One man has remained constant throughout my various encounters with romance. He’s held my bleeding heart in his fictional hands since I aged into the double-digits. Ignorance and naïveté made him vulnerable. Betrayal broke him. Hope married hatred and gave birth to supreme vengeance. He is the ultimate Bad Boy redeemed.
Edmund Dantès, Le Comte de Monte-Cristo
I rarely read the same book more than once. The Count of Monte Cristo is one of the few exceptions. It was a good book when Edmund resurfaced as the Count. What makes it a great book – and makes Edmund an enduring hero – is he did not sacrifice the core identity of himself to vengeance. He came close. He came damn close. The first third of the book external forces decided his life. Second half, internal demons dictated his actions. The culmination, the great climax, is when he ceased to be reactionary. He stopped being a cog and made the conscious decision to become the driver.
“Misfortune is needed to plumb certain mysterious depths in the understanding of men;
pressure is needed to explode the charge.” – Abbé Faria
It’s the old adage: A great hero inspires others to become better people. As any sidekick will tell you, heroes don’t achieve that status by themselves. This willingness to embrace other views and perspectives, to seek enlightenment, and to admit error demands respect. Respect is the lasting foundation of romance, right?
“There is neither happiness nor misery in the world;
there is only the comparison of one state with another, nothing more.” –E.Dantès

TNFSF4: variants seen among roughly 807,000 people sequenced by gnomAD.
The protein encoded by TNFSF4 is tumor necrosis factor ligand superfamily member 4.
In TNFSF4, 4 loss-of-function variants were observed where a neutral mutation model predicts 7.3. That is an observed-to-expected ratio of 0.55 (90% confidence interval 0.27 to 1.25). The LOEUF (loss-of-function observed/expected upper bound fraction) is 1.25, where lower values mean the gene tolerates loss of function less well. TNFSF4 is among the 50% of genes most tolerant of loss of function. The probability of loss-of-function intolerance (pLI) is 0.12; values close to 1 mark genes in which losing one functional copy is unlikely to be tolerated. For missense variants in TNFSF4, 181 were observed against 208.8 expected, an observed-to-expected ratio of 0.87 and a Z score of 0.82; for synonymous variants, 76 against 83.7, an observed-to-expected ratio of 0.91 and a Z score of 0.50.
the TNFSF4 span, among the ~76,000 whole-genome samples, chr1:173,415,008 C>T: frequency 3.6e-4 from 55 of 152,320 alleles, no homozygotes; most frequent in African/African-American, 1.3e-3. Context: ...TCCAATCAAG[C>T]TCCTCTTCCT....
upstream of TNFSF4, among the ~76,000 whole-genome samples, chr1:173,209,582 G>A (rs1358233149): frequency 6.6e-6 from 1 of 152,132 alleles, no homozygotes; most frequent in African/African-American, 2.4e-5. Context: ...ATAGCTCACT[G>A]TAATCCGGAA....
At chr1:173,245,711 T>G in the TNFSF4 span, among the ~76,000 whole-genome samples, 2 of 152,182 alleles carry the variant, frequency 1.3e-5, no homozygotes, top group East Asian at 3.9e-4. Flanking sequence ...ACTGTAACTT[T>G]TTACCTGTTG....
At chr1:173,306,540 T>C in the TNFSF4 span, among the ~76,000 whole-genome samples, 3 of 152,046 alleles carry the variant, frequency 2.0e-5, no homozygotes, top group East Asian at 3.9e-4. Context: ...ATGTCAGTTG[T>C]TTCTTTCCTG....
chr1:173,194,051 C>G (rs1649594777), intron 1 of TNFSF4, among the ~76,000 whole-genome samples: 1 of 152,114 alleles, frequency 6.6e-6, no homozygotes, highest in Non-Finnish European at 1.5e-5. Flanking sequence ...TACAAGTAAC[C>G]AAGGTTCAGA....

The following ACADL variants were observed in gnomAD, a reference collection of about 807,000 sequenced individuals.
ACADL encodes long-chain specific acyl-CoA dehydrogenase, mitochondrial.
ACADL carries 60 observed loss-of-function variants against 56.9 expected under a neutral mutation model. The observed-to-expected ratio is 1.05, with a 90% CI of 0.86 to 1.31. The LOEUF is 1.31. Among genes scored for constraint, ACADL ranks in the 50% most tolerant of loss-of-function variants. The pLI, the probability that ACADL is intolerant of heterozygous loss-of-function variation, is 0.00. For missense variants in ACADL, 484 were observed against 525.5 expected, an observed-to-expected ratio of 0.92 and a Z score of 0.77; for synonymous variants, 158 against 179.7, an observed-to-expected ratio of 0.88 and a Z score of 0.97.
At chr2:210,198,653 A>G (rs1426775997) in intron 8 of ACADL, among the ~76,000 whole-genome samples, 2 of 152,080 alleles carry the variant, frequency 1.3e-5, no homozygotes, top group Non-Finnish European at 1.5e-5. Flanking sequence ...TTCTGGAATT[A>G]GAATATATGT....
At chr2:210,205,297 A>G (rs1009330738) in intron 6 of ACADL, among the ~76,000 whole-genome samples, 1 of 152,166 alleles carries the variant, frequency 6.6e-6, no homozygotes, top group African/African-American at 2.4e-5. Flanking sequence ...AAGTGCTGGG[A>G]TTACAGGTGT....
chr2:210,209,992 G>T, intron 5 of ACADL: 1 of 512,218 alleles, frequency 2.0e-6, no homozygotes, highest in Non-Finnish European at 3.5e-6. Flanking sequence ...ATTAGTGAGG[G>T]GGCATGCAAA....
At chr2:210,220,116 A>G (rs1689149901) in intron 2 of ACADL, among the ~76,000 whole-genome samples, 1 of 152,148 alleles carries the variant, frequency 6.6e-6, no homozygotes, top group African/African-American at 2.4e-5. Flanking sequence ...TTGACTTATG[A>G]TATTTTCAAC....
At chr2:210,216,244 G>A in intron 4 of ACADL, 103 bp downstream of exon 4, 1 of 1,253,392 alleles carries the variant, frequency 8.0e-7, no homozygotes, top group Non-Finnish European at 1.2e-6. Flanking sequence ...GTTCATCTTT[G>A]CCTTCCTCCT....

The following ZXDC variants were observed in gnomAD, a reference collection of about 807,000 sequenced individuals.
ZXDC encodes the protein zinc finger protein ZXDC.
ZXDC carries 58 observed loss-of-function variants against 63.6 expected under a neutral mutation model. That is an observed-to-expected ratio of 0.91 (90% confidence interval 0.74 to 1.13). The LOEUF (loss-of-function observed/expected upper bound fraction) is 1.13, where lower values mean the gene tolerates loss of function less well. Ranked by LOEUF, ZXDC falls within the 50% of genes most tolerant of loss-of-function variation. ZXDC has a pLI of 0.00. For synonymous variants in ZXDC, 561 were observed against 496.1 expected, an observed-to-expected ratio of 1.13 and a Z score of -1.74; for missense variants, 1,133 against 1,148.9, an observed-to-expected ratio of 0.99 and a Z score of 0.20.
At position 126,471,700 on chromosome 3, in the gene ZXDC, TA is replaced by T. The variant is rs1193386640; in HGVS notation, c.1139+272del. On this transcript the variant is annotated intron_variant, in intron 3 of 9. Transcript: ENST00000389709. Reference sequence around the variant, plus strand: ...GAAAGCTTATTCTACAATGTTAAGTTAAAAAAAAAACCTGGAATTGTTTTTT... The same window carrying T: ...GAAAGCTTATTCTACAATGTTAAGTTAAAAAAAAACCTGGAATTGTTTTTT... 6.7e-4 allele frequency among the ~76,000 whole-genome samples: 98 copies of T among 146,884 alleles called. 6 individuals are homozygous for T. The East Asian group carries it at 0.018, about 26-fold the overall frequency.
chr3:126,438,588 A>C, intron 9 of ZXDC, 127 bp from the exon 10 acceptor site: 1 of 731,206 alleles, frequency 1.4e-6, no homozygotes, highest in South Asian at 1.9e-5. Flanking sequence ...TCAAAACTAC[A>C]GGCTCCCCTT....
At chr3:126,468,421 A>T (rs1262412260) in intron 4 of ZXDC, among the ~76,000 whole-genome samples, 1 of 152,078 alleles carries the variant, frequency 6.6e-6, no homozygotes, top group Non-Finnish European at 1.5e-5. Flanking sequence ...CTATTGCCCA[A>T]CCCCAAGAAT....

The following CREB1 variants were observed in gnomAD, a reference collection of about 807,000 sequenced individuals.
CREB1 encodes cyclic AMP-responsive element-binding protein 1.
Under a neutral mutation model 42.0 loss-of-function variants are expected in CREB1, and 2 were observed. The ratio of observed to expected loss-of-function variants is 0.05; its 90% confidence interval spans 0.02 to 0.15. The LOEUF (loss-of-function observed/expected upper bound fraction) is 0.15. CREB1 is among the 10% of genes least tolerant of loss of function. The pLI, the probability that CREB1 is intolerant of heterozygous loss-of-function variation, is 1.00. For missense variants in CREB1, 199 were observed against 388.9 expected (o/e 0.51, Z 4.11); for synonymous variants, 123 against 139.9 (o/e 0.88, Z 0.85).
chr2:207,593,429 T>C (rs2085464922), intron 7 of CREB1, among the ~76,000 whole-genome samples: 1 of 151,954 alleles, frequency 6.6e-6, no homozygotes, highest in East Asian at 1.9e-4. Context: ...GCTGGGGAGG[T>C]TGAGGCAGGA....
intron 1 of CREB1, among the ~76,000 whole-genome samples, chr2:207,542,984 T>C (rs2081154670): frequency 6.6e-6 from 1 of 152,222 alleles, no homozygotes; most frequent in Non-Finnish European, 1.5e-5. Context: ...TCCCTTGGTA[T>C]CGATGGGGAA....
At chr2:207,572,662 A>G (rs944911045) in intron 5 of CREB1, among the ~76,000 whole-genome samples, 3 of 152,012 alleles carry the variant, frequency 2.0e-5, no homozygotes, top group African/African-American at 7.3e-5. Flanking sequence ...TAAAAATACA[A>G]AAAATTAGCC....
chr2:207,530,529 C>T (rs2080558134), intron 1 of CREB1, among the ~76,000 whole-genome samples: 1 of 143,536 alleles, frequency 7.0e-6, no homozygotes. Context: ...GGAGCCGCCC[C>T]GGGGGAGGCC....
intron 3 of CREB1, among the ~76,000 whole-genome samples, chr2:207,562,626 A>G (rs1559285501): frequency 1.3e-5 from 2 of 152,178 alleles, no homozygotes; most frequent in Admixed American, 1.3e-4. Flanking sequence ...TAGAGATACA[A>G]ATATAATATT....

The first time I read the novel by Alexander Dumas peré, it was the Classics Illustrated version. Yep, the comic book. In the truest sense it was a graphic novel. Did I understand the morals of the story back then? Nope. Did I grock that Edmund had started off as the underdog? Oh yeah, and at that point in my young life, I totally empathized (younger sibling, perpetual new kid, athletically-challenged, etc). That empathy hasn’t faded with age. Quite the opposite. This, I imagine, is true for many and is what makes Edmund’s story timeless.
“He who has felt the deepest grief is best able to experience supreme happiness.” –E.Dantès
Hollywood is in love with Edmund too. More than ten versions of The Count of Monte Cristo have been made for US audiences. Sure, Hollywood loves a reboot, but ten, ten? The 2002 version was beautifully filmed, lush costumes, and great sets. Who can forget the arrival by hot-air balloon scene? However, I want to send the screenwriter back to The Fundamentals of Reading in hopes that another classic novel will not have its plot destroyed. That said, some of the most handsome men of their times have been cast as Dantès: Jim Caviezel, Richard Chamberlain, Robert Donat, John Gilbert, Louis Jourdan, and Gérard Depardieu … Okay, the latter might not be considered Hollywood handsome but Depardieu did totally rock his part.
“Until the day when God will deign to reveal the future to man,
all human wisdom is contained in these two words,—‘Wait and hope.” –E.Dantès